Exchequer Returns: Tax take in first half of year €742m ahead of expectations
The tax take for the first half of the year is €742m better than forecast.
The latest Exchequer Returns show that €22.5bn has been brought into the State’s coffers through tax since January – 3.4pc above profile.
June was not a VAT month and closed the month 36pc below expectations. But in cumulative terms, VAT receipts are up €219m year-on-year.
Income tax is on target at €8.7bn, while VAT is €231m below expectations so far this year at €6.22bn.
The surge in corporation tax is continuing, with receipts 18.9pc, or €505m, above profile for the first six months of 2016.
The Exchequer last month record a deficit of €1.14bn as compared to a deficit of €292m in the same period last year.
This was driven primarily by the base effect of €2.1bn received by the Exchequer in 2015 from the sale of PTSB shares and capital notes and a transfer from the national pension reserve fund.
Excluding these one-off transactions the Exchequer shows an underlying year-on-year improvement of €1.29bn.
Commenting on the end-Quarter 2 2016 Exchequer Returns Minister for Finance Michael Noonan T.D. said: "The Exchequer Returns for the first half of 2016 show our plans to fund vital public services are on track and that collecting revenues from a broad base continues to pay dividends for Irish taxpayers.”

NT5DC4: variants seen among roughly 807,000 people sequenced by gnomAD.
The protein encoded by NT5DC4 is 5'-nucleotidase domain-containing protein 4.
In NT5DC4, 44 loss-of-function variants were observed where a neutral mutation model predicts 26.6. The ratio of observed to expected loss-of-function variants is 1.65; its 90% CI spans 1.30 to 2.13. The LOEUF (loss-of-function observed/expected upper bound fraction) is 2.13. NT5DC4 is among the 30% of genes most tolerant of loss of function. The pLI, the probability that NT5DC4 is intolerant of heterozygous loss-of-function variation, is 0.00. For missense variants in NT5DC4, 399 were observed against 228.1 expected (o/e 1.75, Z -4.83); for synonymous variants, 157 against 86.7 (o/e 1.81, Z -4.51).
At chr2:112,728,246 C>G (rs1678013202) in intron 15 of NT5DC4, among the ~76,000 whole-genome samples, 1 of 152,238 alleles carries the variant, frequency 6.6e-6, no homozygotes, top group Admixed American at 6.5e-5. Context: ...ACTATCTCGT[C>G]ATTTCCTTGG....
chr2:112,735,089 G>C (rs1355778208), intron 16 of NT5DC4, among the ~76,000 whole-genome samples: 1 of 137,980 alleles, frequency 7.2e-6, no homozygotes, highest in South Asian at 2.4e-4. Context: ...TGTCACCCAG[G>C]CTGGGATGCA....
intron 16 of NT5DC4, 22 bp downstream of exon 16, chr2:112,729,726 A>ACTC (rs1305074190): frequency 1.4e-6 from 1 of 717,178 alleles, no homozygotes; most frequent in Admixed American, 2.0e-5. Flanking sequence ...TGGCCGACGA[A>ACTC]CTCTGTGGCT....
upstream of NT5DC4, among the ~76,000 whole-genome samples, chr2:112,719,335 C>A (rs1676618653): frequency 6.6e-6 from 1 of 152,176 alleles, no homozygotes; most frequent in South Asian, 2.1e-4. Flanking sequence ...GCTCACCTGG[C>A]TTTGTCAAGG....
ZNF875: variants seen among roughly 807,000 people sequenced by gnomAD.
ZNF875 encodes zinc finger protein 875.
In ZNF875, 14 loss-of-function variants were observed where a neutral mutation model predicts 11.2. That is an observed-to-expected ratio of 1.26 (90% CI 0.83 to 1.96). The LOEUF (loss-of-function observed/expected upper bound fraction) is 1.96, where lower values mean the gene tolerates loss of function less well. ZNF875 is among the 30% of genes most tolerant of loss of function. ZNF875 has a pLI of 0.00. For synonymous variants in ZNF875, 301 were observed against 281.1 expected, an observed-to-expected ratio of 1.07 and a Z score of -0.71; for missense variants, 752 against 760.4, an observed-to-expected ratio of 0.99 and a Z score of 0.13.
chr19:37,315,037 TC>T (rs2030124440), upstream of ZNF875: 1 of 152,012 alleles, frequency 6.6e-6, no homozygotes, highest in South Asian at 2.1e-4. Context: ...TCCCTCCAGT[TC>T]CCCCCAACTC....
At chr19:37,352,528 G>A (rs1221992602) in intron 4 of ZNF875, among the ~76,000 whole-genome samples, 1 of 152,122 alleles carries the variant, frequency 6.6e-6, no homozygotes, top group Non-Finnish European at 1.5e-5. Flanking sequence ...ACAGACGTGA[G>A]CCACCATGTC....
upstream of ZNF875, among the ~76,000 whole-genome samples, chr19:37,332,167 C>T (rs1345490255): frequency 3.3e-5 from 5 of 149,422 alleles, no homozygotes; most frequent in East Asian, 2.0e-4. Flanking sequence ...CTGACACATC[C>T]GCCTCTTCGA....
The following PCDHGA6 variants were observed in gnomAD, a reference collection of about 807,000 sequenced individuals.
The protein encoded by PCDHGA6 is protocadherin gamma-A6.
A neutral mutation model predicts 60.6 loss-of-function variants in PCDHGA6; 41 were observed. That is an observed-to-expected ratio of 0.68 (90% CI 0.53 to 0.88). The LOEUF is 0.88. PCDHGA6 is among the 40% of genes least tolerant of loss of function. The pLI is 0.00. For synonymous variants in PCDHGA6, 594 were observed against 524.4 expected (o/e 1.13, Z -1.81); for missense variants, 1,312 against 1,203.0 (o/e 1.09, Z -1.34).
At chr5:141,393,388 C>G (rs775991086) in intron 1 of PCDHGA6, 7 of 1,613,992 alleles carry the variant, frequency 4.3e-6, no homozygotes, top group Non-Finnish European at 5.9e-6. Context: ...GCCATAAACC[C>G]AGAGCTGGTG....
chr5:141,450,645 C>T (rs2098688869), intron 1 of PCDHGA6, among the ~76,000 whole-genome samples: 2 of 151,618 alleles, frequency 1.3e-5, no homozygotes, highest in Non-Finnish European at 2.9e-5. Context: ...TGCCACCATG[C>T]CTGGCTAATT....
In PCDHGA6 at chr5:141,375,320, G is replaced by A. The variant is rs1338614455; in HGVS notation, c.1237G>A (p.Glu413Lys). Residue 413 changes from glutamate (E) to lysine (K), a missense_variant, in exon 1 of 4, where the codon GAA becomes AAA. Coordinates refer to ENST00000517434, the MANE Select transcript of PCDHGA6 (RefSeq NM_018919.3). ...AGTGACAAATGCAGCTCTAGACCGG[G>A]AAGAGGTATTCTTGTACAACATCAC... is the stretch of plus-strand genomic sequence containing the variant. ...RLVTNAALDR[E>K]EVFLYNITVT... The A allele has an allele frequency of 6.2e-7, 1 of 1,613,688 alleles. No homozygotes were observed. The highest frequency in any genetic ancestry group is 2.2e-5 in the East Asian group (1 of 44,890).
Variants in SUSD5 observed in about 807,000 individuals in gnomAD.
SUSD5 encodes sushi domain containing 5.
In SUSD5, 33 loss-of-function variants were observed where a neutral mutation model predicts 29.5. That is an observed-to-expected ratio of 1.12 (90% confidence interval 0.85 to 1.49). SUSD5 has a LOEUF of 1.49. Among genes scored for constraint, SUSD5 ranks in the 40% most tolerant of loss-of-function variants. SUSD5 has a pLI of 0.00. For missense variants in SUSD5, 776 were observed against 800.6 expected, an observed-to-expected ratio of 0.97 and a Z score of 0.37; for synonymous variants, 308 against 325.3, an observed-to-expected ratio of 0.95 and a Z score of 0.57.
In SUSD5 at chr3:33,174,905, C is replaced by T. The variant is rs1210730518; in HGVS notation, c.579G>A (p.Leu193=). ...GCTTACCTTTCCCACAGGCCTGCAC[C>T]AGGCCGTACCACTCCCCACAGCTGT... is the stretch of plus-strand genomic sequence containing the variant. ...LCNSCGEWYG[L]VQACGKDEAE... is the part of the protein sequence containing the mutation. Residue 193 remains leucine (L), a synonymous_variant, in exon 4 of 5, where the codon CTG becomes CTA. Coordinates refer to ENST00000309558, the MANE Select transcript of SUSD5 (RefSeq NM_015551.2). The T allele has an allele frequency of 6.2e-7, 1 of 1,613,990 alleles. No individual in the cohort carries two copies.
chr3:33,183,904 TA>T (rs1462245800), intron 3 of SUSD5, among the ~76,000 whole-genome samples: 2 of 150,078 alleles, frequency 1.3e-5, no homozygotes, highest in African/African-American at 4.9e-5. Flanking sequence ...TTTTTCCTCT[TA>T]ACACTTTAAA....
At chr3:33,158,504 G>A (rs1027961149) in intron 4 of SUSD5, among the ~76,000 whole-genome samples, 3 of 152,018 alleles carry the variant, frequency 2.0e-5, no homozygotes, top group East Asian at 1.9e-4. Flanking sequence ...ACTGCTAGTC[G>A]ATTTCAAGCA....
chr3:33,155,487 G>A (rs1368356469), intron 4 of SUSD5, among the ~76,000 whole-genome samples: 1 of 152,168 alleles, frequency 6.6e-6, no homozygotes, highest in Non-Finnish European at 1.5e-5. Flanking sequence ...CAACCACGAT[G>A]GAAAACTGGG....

“The main types of taxes are all performing broadly as anticipated and that has resulted in cumulative tax receipts being up €742 million (3.4pc) on profile, which represents a 9.2pc (€1,901 million) increase when compared to the same period in 2015.”
“The results being published today support our financial position for this year and also support our plans for 2017’s budget.”
Minister for Public Expenditure and Reform, Paschal Donohoe T.D. said: “The latest returns indicate that spending is being managed by Departments broadly in line with the allocations set out in the revised estimates volume, with overall expenditure on delivering public services and investing in infrastructure slightly below profile. We are now halfway through the year and just under 50% of Departmental allocations spent. For the second half of the year Ministers and Departments are conscious of the importance of managing the delivery of public services within their annual allocations.”